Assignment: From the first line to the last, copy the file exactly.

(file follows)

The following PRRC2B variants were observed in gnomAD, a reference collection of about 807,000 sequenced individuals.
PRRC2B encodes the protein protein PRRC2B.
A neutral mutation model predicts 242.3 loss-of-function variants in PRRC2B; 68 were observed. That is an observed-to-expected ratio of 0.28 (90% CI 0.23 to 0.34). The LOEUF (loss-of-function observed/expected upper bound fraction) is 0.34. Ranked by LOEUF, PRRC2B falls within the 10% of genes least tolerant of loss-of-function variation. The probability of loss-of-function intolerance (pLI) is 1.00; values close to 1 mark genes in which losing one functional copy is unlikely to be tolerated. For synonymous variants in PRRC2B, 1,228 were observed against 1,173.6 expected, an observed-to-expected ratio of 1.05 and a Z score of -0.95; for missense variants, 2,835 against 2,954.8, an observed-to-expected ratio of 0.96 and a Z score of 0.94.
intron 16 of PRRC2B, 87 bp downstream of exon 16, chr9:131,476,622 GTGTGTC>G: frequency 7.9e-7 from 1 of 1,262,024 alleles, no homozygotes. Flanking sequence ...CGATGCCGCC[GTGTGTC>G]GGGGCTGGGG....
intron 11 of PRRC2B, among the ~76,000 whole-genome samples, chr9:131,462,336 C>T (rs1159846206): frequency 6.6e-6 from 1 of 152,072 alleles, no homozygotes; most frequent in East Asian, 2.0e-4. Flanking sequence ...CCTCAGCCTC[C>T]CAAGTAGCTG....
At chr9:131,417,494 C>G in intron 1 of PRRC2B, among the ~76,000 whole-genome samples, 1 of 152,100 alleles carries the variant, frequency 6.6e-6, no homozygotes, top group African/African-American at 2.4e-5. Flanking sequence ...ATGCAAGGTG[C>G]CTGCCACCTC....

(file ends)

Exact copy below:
The following PRRC2B variants were observed in gnomAD, a reference collection of about 807,000 sequenced individuals.
PRRC2B encodes the protein protein PRRC2B.
A neutral mutation model predicts 242.3 loss-of-function variants in PRRC2B; 68 were observed. That is an observed-to-expected ratio of 0.28 (90% CI 0.23 to 0.34). The LOEUF (loss-of-function observed/expected upper bound fraction) is 0.34. Ranked by LOEUF, PRRC2B falls within the 10% of genes least tolerant of loss-of-function variation. The probability of loss-of-function intolerance (pLI) is 1.00; values close to 1 mark genes in which losing one functional copy is unlikely to be tolerated. For synonymous variants in PRRC2B, 1,228 were observed against 1,173.6 expected, an observed-to-expected ratio of 1.05 and a Z score of -0.95; for missense variants, 2,835 against 2,954.8, an observed-to-expected ratio of 0.96 and a Z score of 0.94.
intron 16 of PRRC2B, 87 bp downstream of exon 16, chr9:131,476,622 GTGTGTC>G: frequency 7.9e-7 from 1 of 1,262,024 alleles, no homozygotes. Flanking sequence ...CGATGCCGCC[GTGTGTC>G]GGGGCTGGGG....
intron 11 of PRRC2B, among the ~76,000 whole-genome samples, chr9:131,462,336 C>T (rs1159846206): frequency 6.6e-6 from 1 of 152,072 alleles, no homozygotes; most frequent in East Asian, 2.0e-4. Flanking sequence ...CCTCAGCCTC[C>T]CAAGTAGCTG....
At chr9:131,417,494 C>G in intron 1 of PRRC2B, among the ~76,000 whole-genome samples, 1 of 152,100 alleles carries the variant, frequency 6.6e-6, no homozygotes, top group African/African-American at 2.4e-5. Flanking sequence ...ATGCAAGGTG[C>G]CTGCCACCTC....